The Parallax SX line of microcontrollers were formerly made by Ubicom. The SX dies are still manufactured by Ubicom, who sends them to Parallax for packaging. Ubicom used to make SX processor with 18, 20, 28, 48 and 52 pins, but because Parallax did not have packages for 18 and 52 pins chips the SX-18 and SX-52 have been discontinued.

The Parallax's SX series microcontrollers are 8-bit RISC microcontrollers (using a 12-bit instruction word) which have an unusually high speed, up to 75 MHz (75 MIPS), and a high degree of flexibility. They include up to 4096 12-bit words of Flash memory and up to 262 bytes of random access memory, an eight bit counter and other support logic. They are especially geared toward the emulation of I/O hardware in software, which makes them very flexible. While Parallax's SX micros are limited in variety, their high speed and additional resources allow programmers to create 'virtual devices', including complete video controllers, as required. For example there are software library modules to emulate I2C and SPI interfaces, UARTs, frequency generators, measurement counters and PWM and sigma-delta A/D converters. Other interfaces are relatively easy to write, and existing modules can be modified to get new features.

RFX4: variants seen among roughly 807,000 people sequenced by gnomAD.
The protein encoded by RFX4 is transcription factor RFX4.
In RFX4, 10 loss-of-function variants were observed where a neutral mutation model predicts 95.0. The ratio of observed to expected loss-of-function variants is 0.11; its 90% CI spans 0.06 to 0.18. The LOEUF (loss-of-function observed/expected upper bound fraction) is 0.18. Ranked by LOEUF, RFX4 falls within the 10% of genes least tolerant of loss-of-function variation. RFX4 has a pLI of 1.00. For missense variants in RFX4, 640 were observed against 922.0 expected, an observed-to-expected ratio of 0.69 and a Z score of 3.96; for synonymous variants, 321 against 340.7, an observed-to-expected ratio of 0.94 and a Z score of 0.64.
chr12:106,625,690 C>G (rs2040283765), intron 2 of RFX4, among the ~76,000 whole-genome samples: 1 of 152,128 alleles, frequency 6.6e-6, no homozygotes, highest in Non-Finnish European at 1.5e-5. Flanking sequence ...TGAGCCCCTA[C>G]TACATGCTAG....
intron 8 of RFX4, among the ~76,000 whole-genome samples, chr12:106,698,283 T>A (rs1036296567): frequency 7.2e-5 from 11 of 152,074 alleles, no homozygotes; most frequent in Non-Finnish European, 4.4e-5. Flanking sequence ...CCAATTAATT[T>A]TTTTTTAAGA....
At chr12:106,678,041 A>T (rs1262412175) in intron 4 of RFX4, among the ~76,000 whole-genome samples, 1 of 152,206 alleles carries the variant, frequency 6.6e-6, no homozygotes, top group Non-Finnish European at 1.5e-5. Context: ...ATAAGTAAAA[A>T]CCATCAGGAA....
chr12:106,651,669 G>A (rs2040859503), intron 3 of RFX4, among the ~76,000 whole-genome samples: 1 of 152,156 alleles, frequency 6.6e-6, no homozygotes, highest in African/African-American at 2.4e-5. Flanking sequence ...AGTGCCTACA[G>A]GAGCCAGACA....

The Sx-Key is produced by Parallax and used to program the SX Microcontroller and then debug it. There is also a cheaper version called the SX-Blitz that does not contain a debugger. Currently, the most cost effective way of getting this device and being able to use it is to purchase a kit from Parallax (the only distruibuter of SX microcontrollers). The "SX Tech Tool Kit LITE" contains an SX-key, how-to book, prototype board, (2) microcontrollers, serial cable, and (2) resonators for an extra $20.

The well known programmer and author Andre LaMothe has proven that the SX-52 can actually be clocked to 80 MHz (80 MIPS) even though the specs say 75 MHz is the maximum. He has used the SX-52 in thousands of XGameStation game development computers all running at 80 MHz. He uses the speed and flexibility of the SX-52 chip to create a device with which a user can create their own Video game system. Some users have referred to these microcontrollers as PICs on steroids.